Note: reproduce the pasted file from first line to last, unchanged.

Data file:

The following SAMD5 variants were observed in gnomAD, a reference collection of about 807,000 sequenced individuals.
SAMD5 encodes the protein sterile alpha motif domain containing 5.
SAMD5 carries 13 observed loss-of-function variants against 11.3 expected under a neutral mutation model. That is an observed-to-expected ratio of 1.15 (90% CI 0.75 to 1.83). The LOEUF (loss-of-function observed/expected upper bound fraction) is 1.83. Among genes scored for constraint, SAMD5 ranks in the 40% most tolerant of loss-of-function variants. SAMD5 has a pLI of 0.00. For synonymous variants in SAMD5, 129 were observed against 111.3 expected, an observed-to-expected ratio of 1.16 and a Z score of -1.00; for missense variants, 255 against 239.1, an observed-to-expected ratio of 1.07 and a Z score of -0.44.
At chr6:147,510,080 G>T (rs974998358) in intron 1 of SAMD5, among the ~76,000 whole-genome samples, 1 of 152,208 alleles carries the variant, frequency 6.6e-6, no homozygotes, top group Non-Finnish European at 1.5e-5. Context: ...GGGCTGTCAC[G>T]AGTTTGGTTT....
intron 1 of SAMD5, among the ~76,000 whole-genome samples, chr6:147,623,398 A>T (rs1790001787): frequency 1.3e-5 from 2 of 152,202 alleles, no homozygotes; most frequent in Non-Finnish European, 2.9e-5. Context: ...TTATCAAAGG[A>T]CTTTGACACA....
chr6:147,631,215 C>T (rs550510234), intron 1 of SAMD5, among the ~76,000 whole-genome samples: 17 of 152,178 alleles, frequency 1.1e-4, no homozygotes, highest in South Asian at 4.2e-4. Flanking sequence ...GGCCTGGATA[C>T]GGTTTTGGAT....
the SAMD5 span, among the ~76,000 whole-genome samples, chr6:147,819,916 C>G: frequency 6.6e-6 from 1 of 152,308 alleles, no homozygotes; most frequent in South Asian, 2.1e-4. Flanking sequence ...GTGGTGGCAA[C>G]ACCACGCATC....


The following SAMD5 variants were observed in gnomAD, a reference collection of about 807,000 sequenced individuals.
SAMD5 encodes the protein sterile alpha motif domain containing 5.
SAMD5 carries 13 observed loss-of-function variants against 11.3 expected under a neutral mutation model. That is an observed-to-expected ratio of 1.15 (90% CI 0.75 to 1.83). The LOEUF (loss-of-function observed/expected upper bound fraction) is 1.83. Among genes scored for constraint, SAMD5 ranks in the 40% most tolerant of loss-of-function variants. SAMD5 has a pLI of 0.00. For synonymous variants in SAMD5, 129 were observed against 111.3 expected, an observed-to-expected ratio of 1.16 and a Z score of -1.00; for missense variants, 255 against 239.1, an observed-to-expected ratio of 1.07 and a Z score of -0.44.
At chr6:147,510,080 G>T (rs974998358) in intron 1 of SAMD5, among the ~76,000 whole-genome samples, 1 of 152,208 alleles carries the variant, frequency 6.6e-6, no homozygotes, top group Non-Finnish European at 1.5e-5. Context: ...GGGCTGTCAC[G>T]AGTTTGGTTT....
intron 1 of SAMD5, among the ~76,000 whole-genome samples, chr6:147,623,398 A>T (rs1790001787): frequency 1.3e-5 from 2 of 152,202 alleles, no homozygotes; most frequent in Non-Finnish European, 2.9e-5. Context: ...TTATCAAAGG[A>T]CTTTGACACA....
chr6:147,631,215 C>T (rs550510234), intron 1 of SAMD5, among the ~76,000 whole-genome samples: 17 of 152,178 alleles, frequency 1.1e-4, no homozygotes, highest in South Asian at 4.2e-4. Flanking sequence ...GGCCTGGATA[C>T]GGTTTTGGAT....
the SAMD5 span, among the ~76,000 whole-genome samples, chr6:147,819,916 C>G: frequency 6.6e-6 from 1 of 152,308 alleles, no homozygotes; most frequent in South Asian, 2.1e-4. Flanking sequence ...GTGGTGGCAA[C>G]ACCACGCATC....